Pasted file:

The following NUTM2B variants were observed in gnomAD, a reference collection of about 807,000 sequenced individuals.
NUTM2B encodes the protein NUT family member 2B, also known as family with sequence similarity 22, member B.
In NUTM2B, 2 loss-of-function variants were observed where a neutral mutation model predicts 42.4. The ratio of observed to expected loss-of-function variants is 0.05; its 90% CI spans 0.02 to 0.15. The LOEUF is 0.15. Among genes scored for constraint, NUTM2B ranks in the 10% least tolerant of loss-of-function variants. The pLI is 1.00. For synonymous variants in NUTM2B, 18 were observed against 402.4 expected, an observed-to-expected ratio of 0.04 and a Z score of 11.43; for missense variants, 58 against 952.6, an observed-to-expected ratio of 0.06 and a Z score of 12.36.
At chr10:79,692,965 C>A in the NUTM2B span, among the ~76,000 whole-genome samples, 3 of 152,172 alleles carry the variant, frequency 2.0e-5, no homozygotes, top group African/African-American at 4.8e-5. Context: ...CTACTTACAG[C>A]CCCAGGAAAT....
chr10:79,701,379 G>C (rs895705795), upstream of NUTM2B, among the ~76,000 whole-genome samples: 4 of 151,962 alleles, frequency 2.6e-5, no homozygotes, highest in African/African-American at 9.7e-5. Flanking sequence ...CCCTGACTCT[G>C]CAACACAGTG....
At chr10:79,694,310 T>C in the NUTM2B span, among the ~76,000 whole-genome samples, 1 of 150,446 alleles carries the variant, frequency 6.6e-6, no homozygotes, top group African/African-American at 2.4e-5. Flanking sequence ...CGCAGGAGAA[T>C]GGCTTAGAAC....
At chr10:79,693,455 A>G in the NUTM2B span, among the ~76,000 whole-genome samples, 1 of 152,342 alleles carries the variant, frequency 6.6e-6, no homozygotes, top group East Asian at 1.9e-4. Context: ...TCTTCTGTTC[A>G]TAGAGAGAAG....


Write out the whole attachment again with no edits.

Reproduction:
The following NUTM2B variants were observed in gnomAD, a reference collection of about 807,000 sequenced individuals.
NUTM2B encodes the protein NUT family member 2B, also known as family with sequence similarity 22, member B.
In NUTM2B, 2 loss-of-function variants were observed where a neutral mutation model predicts 42.4. The ratio of observed to expected loss-of-function variants is 0.05; its 90% CI spans 0.02 to 0.15. The LOEUF is 0.15. Among genes scored for constraint, NUTM2B ranks in the 10% least tolerant of loss-of-function variants. The pLI is 1.00. For synonymous variants in NUTM2B, 18 were observed against 402.4 expected, an observed-to-expected ratio of 0.04 and a Z score of 11.43; for missense variants, 58 against 952.6, an observed-to-expected ratio of 0.06 and a Z score of 12.36.
At chr10:79,692,965 C>A in the NUTM2B span, among the ~76,000 whole-genome samples, 3 of 152,172 alleles carry the variant, frequency 2.0e-5, no homozygotes, top group African/African-American at 4.8e-5. Context: ...CTACTTACAG[C>A]CCCAGGAAAT....
chr10:79,701,379 G>C (rs895705795), upstream of NUTM2B, among the ~76,000 whole-genome samples: 4 of 151,962 alleles, frequency 2.6e-5, no homozygotes, highest in African/African-American at 9.7e-5. Flanking sequence ...CCCTGACTCT[G>C]CAACACAGTG....
At chr10:79,694,310 T>C in the NUTM2B span, among the ~76,000 whole-genome samples, 1 of 150,446 alleles carries the variant, frequency 6.6e-6, no homozygotes, top group African/African-American at 2.4e-5. Flanking sequence ...CGCAGGAGAA[T>C]GGCTTAGAAC....
At chr10:79,693,455 A>G in the NUTM2B span, among the ~76,000 whole-genome samples, 1 of 152,342 alleles carries the variant, frequency 6.6e-6, no homozygotes, top group East Asian at 1.9e-4. Context: ...TCTTCTGTTC[A>G]TAGAGAGAAG....